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The University of Southampton
Biological Sciences

From Gamete to Grandparent: The Paternal Programming of Adult Health Event

Adam Watkins
13:00 - 14:00
4 May 2016
Building 85, Room 2207

For more information regarding this event, please telephone Karen Hood-Cree on 02380 598148 or email .

Event details

Adult-onset metabolic diseases such as obesity, type 2 diabetes and cardiovascular disease, are associated typically with adult lifestyle factors including diet, exercise and smoking. However, studies using human populations and a diverse range of animal species have shown that adult disease risk is closely associated with perturbed environmental conditions experiences during the earliest stages of life. While the association between poor maternal gestational diet and adverse offspring adult health has been studied in detail, our understanding of the impact of paternal diet on adult offspring health remains largely neglected.

Using the well characterised rodent low protein diet (LPD; 9 % protein) model, we have determined the impact of paternal nutrition on the health and development of his offspring. Here, we observe that offspring from LPD fed males have significantly increased weight at birth and adult body fat levels, impaired glucose tolerance and cardiovascular dysfunction (indicative of obesity, type 2 diabetes and heart disease) when compared to offspring from control, normal protein diet (NPD: 18% protein) diet fed male mice. During gestation, fetal growth and skeletal volume are increased, associated with altered expression of placental transporters of amino acids, glucose and calcium. However, skeletal bone density is impaired significantly. To determine underlying molecular mechanisms linking paternal LPD to altered post-fertilisation development, we analysed sperm and testicular tissue from NPD and LPD fed males. We observed that sperm from LPD fed males were hypomethylated at genes for calcium signalling and bone development, while the expression of key epigenetic regulators (Dnmt’s and 1-Carbon metabolite intermediates) were reduced significantly in LPD fed male testes. Interestingly, at the time of embryo implantation (3.5 days after fertilisation), we observed significant changes in uterine cytokines and expression of prostaglandin synthesis and inflammatory mediator genes. These novel data suggest that paternal diet, at the time of conception, affects maternal uterine environment, fetal growth, skeletal formation and placental development. Enhanced fetal growth may originate from adaptive mechanisms initiated to ensure short-term survival in the offspring, but which ultimately become maladaptive in adult life.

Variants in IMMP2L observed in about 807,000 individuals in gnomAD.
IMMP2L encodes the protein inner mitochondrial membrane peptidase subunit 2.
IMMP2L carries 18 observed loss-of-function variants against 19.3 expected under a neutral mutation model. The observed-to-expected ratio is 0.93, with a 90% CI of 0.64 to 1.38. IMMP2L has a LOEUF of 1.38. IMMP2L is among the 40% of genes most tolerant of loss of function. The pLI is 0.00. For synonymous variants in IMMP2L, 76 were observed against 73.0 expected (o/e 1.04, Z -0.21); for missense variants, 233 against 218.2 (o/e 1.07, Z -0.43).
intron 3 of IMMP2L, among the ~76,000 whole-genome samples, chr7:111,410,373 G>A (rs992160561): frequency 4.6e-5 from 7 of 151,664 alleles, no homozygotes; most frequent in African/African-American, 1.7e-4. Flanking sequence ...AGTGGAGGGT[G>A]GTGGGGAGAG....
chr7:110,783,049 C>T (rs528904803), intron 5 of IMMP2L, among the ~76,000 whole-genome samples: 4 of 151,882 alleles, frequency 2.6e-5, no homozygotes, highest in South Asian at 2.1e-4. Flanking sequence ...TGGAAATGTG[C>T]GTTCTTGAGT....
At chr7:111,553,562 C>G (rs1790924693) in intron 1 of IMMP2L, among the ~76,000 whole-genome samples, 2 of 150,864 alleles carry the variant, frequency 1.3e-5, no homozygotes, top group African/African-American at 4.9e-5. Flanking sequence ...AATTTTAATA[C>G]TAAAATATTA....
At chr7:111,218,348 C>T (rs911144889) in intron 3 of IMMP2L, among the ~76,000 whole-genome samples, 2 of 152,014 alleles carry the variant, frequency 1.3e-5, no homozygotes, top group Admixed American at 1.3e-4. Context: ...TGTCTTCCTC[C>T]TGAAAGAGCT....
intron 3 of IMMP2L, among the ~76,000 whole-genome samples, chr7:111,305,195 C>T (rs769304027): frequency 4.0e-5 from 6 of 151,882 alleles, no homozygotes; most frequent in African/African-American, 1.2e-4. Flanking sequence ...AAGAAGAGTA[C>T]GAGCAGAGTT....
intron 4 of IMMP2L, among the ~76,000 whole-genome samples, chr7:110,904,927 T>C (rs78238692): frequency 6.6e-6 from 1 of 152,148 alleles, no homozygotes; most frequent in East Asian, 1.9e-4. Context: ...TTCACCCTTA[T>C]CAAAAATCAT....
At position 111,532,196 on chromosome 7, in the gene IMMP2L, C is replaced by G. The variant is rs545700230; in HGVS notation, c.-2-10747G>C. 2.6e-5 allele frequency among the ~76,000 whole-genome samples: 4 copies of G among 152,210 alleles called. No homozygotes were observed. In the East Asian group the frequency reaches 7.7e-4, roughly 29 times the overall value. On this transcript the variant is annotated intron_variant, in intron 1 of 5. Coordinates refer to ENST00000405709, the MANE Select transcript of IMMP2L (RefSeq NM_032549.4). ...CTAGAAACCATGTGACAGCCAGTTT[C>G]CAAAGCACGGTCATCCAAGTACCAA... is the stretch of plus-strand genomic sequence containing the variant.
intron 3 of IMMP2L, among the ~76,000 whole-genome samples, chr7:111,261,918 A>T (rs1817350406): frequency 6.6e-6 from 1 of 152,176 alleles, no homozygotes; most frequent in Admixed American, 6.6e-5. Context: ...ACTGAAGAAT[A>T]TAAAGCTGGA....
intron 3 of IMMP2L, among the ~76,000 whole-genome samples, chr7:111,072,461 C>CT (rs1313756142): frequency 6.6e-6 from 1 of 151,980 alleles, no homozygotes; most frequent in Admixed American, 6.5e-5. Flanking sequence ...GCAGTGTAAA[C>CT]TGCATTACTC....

Speaker information

Dr Adam Watkins,Aston University, School of Life Sciences,

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